Project description:The root of Paris polyphylla var. yunnanensis, a famous and endangered traditional Chinese herb, has a significant medicinal value. The aim of this study was to analyze the composition and functional characteristics of bacterial endophytes in roots, stems, and leaves of P. polyphylla var. yunnanensis. The 16S rRNA gene sequencing and functional prediction of bacterial endophytes in roots, stems, and leaves of P. polyphylla var. yunnanensis were conducted. The Chao and Shannon indices of the bacteria in roots were significantly higher than those in stems and leaves. The dominant endophyte phyla were Cyanobacteria, Proteobacteria, Bacteroidetes, Firmicutes, and Actinobacteria. The main genera detected in roots were unclassified Cyanobacteria, Rhizobium, Flavobacterium, and Sphingobium; the main genera in stems were norank_c__Cyanobacteria, Bacillus, and Pseudomonas; the main genera in leaves were norank_c__Cyanobacteria and Rhizobium. The microbiota in roots was particularly enriched in functional categories "extracellular structures" and "cytoskeleton" compared with stems and leaves (p < 0.05). Our study reveals the structural and functional characteristics of the endophytic bacteria in roots, stems, and leaves of P. polyphylla var. yunnanensis, which aids in the scientific understanding of this plant.The root of Paris polyphylla var. yunnanensis, a famous and endangered traditional Chinese herb, has a significant medicinal value. The aim of this study was to analyze the composition and functional characteristics of bacterial endophytes in roots, stems, and leaves of P. polyphylla var. yunnanensis. The 16S rRNA gene sequencing and functional prediction of bacterial endophytes in roots, stems, and leaves of P. polyphylla var. yunnanensis were conducted. The Chao and Shannon indices of the bacteria in roots were significantly higher than those in stems and leaves. The dominant endophyte phyla were Cyanobacteria, Proteobacteria, Bacteroidetes, Firmicutes, and Actinobacteria. The main genera detected in roots were unclassified Cyanobacteria, Rhizobium, Flavobacterium, and Sphingobium; the main genera in stems were norank_c__Cyanobacteria, Bacillus, and Pseudomonas; the main genera in leaves were norank_c__Cyanobacteria and Rhizobium. The microbiota in roots was particularly enriched in functional categories “extracellular structures” and “cytoskeleton” compared with stems and leaves (p < 0.05). Our study reveals the structural and functional characteristics of the endophytic bacteria in roots, stems, and leaves of P. polyphylla var. yunnanensis, which aids in the scientific understanding of this plant.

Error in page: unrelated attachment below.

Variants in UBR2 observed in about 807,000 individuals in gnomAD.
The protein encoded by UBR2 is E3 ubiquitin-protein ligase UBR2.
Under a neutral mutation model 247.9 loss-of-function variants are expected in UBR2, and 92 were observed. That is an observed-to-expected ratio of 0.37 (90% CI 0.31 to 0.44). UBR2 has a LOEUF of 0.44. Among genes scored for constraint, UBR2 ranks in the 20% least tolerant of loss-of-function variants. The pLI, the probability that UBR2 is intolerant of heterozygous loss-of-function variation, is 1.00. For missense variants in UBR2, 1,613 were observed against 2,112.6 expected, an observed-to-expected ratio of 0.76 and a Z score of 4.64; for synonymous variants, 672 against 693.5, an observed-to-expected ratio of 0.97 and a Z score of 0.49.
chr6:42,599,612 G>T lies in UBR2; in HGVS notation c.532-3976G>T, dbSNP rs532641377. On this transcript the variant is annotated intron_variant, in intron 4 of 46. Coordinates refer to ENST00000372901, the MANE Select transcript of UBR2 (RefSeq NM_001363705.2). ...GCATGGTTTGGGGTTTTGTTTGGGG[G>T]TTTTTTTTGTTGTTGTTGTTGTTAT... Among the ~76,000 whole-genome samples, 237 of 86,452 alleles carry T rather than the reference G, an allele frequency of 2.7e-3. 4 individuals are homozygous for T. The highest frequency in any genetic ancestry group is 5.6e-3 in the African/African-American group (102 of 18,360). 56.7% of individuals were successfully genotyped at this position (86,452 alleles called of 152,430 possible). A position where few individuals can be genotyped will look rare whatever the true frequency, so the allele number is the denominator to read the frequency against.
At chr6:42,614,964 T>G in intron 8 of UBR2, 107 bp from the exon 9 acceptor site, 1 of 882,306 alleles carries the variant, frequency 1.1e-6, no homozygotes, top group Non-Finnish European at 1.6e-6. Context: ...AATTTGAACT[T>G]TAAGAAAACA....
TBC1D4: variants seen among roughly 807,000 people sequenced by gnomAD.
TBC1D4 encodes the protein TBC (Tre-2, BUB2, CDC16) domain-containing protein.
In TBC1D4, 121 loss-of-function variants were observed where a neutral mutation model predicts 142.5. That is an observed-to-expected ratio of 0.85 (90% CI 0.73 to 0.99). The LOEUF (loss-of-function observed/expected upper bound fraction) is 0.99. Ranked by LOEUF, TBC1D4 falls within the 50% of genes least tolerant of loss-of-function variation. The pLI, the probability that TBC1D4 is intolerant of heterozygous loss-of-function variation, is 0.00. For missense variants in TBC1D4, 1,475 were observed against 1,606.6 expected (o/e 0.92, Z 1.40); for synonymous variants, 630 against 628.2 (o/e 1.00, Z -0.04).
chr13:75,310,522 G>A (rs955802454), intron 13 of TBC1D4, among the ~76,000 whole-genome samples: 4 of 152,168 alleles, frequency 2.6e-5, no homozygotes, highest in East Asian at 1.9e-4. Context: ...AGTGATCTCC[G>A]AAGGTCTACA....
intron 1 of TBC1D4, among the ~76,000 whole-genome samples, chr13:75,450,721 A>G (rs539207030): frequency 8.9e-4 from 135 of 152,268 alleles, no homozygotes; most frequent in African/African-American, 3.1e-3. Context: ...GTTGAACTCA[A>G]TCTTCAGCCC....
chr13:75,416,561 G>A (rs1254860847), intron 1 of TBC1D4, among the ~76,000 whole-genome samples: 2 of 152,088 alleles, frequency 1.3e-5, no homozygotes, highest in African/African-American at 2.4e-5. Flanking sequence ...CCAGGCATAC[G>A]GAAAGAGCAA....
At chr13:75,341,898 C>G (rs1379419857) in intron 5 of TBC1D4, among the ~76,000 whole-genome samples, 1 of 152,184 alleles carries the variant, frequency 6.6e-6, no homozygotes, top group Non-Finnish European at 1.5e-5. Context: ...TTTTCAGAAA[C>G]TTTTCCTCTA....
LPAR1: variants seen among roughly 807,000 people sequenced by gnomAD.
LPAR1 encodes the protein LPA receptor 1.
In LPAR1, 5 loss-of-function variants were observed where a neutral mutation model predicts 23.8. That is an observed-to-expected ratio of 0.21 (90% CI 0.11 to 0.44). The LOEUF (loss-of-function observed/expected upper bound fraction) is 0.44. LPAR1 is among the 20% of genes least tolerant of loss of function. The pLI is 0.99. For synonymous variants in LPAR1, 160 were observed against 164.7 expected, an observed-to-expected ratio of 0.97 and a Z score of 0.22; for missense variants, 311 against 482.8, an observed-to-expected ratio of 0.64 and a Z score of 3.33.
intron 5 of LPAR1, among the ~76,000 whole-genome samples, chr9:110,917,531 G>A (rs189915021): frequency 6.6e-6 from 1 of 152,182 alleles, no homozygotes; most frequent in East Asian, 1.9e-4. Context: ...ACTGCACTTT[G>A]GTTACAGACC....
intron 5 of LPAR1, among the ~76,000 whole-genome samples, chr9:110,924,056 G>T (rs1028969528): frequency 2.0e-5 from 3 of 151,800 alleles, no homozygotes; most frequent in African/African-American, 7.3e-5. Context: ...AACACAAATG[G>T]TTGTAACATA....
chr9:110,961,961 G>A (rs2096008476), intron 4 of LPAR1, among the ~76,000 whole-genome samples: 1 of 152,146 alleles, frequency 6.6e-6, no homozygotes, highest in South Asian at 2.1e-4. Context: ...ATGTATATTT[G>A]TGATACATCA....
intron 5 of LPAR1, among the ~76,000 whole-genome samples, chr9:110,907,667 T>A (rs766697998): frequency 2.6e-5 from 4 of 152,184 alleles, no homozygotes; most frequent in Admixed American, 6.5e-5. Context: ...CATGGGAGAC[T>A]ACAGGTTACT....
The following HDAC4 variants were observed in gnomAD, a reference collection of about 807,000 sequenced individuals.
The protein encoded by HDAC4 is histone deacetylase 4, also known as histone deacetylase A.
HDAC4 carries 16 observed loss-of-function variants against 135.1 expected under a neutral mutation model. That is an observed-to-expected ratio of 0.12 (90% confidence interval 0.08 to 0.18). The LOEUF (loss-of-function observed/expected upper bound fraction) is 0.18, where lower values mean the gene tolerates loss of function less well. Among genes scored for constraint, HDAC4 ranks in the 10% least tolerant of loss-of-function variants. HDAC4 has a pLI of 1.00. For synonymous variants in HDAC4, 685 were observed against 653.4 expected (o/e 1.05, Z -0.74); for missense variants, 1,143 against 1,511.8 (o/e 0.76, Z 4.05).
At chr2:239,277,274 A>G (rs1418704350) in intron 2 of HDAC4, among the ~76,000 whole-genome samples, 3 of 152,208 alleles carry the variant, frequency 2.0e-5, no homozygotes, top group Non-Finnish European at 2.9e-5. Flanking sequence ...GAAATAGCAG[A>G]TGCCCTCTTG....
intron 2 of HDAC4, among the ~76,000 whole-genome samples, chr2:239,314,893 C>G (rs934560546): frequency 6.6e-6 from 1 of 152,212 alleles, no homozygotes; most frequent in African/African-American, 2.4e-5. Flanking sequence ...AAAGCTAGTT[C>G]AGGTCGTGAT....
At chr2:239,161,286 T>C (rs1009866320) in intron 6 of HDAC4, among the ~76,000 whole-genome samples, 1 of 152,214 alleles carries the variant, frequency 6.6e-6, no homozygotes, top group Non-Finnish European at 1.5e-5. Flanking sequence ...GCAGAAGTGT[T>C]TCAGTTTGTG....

Project description:Endophytic bacteria are nearly ubiquitously present in the internal tissues of plants, and some endophytes can promote plant growth. In this study, we sampled the roots of four ancestral species of sugarcane (two genotypes per species) and two sugarcane cultivars, and used 16S rRNA and nifH gene sequencing to characterize the root endophytic bacterial communities and diazotroph diversity. A total of 7,198 operational taxonomic units (OTUs) were detected for the endophytic bacteria community. The endophytic bacterial communities exhibited significantly different ?- and ?-diversities. From the 202 detected families in the sugarcane roots, a core microbiome containing 13 families was identified. The nifH gene was successfully detected in 9 of 30 samples from the four sugarcane species assayed, and 1,734 OTUs were merged for endophytic diazotrophs. In the tested samples, 43 families of endophytic diazotrophs were detected, and six families showed differences across samples. Among the 20 most abundant detected genera, 10 have been reported to be involved in nitrogen fixation in sugarcane. These findings demonstrate the diversity of the microbial communities in different sugarcane germplasms and shed light on the mechanism of biological nitrogen fixation in sugarcane.
Project description:Bacteria were isolated from the rhizosphere and from inside the roots and stems of sugarcane plants grown in the field in Brazil. Endophytic bacteria were found in both the roots and the stems of sugarcane plants, with a significantly higher density in the roots. Many of the cultivated endophytic bacteria were shown to produce the plant growth hormone indoleacetic acid, and this trait was more frequently found among bacteria from the stem. 16S rRNA gene sequence analysis revealed that the selected isolates of the endophytic bacterial community of sugarcane belong to the genera of Burkholderia, Pantoea, Pseudomonas, and Microbacterium. Bacterial isolates belonging to the genus Burkholderia were the most predominant among the endophytic bacteria. Many of the Burkholderia isolates produced the antifungal metabolite pyrrolnitrin, and all were able to grow at 37 degrees C. Phylogenetic analyses of the 16S rRNA gene and recA gene sequences indicated that the endophytic Burkholderia isolates from sugarcane are closely related to clinical isolates of the Burkholderia cepacia complex and clustered with B. cenocepacia (gv. III) isolates from cystic fibrosis patients. These results suggest that isolates of the B. cepacia complex are an integral part of the endophytic bacterial community of sugarcane in Brazil and reinforce the hypothesis that plant-associated environments may act as a niche for putative opportunistic human pathogenic bacteria.